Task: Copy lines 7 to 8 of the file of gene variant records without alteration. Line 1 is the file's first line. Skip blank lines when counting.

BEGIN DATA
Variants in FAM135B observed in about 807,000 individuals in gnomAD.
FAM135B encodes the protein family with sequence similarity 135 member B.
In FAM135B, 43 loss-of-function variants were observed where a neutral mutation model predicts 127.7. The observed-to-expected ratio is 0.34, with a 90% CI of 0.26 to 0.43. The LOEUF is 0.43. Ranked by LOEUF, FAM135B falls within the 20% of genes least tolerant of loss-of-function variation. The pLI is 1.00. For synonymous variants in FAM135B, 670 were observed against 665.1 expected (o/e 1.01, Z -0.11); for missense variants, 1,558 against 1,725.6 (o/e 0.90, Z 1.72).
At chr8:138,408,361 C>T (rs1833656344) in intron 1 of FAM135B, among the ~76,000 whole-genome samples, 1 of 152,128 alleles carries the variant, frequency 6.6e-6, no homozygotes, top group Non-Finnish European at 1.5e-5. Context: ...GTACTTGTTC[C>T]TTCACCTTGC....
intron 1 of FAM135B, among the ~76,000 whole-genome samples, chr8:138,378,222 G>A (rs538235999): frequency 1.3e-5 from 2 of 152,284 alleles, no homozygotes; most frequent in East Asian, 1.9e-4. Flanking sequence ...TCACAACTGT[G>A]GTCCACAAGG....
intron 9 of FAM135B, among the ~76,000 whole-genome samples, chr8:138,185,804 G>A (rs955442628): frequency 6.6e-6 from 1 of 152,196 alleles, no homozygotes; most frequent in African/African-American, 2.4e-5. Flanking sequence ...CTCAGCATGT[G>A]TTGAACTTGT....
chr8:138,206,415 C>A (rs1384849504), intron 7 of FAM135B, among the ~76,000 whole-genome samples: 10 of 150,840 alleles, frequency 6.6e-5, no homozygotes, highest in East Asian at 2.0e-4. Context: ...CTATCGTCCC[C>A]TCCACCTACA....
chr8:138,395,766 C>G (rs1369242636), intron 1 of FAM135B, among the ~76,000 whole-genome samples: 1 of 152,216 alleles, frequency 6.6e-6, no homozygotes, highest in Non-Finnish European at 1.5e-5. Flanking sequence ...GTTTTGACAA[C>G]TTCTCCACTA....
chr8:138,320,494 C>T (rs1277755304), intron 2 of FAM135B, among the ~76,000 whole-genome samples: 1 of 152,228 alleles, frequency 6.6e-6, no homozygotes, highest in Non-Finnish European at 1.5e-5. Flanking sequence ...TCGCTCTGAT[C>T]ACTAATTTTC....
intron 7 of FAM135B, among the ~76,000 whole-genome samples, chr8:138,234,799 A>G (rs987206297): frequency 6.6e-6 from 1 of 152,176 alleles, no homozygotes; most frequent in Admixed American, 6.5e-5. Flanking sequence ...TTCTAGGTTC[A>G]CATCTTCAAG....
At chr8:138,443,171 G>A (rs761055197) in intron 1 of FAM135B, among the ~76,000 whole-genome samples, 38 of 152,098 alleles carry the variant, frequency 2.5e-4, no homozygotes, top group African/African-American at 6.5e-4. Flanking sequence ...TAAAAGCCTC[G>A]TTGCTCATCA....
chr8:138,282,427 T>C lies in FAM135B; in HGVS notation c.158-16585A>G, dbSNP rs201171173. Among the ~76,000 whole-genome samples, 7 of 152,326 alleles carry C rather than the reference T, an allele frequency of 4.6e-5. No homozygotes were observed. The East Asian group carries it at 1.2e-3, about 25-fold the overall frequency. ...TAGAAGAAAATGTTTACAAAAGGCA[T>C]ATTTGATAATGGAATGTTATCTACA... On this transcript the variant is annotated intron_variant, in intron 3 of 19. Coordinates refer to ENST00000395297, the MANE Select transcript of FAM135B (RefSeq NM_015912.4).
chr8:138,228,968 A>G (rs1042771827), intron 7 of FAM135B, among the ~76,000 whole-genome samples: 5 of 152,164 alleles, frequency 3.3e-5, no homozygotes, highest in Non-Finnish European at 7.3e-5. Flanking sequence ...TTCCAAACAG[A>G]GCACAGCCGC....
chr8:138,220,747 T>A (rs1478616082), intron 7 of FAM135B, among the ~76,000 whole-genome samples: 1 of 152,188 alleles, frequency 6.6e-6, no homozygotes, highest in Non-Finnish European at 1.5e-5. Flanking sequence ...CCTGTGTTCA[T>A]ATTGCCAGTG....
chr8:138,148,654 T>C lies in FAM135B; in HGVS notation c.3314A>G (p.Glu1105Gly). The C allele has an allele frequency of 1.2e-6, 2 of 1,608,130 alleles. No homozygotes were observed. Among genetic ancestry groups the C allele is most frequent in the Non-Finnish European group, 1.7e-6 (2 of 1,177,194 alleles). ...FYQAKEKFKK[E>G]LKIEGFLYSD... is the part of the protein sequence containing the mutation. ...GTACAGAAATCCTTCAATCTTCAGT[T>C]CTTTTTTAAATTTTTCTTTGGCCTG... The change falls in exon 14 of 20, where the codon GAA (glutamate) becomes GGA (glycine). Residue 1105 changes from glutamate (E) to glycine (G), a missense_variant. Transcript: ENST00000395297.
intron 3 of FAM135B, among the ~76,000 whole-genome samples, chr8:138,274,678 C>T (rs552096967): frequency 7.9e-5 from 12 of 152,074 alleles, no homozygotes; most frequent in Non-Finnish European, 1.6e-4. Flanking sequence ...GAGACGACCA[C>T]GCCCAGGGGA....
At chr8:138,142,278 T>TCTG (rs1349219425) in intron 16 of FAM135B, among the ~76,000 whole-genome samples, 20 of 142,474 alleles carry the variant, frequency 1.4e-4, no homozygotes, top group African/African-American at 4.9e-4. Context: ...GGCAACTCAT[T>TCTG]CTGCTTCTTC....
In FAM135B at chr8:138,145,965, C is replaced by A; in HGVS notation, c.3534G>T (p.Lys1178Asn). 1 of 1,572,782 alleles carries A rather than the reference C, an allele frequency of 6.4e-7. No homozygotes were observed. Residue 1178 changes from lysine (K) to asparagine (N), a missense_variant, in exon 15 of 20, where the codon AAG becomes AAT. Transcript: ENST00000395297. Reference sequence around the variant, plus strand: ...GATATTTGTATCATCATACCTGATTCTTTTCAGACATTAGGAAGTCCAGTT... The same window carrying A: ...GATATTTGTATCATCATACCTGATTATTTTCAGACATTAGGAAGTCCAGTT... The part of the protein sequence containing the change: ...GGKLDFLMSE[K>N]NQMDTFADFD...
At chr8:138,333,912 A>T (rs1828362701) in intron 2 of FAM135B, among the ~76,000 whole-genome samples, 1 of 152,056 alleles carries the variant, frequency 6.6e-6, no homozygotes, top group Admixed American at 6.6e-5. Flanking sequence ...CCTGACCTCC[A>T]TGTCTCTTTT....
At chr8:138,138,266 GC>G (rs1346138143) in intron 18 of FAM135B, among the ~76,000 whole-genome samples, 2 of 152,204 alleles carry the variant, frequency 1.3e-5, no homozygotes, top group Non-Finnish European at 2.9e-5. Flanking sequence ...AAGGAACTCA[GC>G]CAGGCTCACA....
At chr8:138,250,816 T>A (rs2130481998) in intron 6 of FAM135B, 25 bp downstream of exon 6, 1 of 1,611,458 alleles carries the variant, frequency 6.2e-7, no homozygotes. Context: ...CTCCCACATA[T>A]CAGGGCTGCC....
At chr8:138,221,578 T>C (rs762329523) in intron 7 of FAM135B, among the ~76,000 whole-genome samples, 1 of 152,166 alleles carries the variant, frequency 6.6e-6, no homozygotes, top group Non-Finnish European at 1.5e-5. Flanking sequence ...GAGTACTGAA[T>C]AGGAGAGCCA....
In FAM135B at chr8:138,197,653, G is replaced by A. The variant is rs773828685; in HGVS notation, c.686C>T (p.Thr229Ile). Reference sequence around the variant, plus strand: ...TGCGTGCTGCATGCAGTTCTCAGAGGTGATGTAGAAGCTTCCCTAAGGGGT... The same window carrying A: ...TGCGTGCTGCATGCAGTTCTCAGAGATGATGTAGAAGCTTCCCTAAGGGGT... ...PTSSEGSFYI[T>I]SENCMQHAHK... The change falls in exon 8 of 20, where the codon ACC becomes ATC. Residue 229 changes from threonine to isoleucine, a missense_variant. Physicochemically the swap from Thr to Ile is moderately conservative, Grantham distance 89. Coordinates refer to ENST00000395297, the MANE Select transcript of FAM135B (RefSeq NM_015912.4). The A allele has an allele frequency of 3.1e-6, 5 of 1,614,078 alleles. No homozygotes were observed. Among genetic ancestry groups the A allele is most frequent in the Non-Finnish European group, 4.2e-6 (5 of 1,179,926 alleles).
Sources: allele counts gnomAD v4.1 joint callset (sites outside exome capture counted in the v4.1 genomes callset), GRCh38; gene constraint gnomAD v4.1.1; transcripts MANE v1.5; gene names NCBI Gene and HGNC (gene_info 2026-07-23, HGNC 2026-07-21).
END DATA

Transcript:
chr8:138,206,415 C>A (rs1384849504), intron 7 of FAM135B, among the ~76,000 whole-genome samples: 10 of 150,840 alleles, frequency 6.6e-5, no homozygotes, highest in East Asian at 2.0e-4. Context: ...CTATCGTCCC[C>A]TCCACCTACA....
chr8:138,395,766 C>G (rs1369242636), intron 1 of FAM135B, among the ~76,000 whole-genome samples: 1 of 152,216 alleles, frequency 6.6e-6, no homozygotes, highest in Non-Finnish European at 1.5e-5. Flanking sequence ...GTTTTGACAA[C>G]TTCTCCACTA....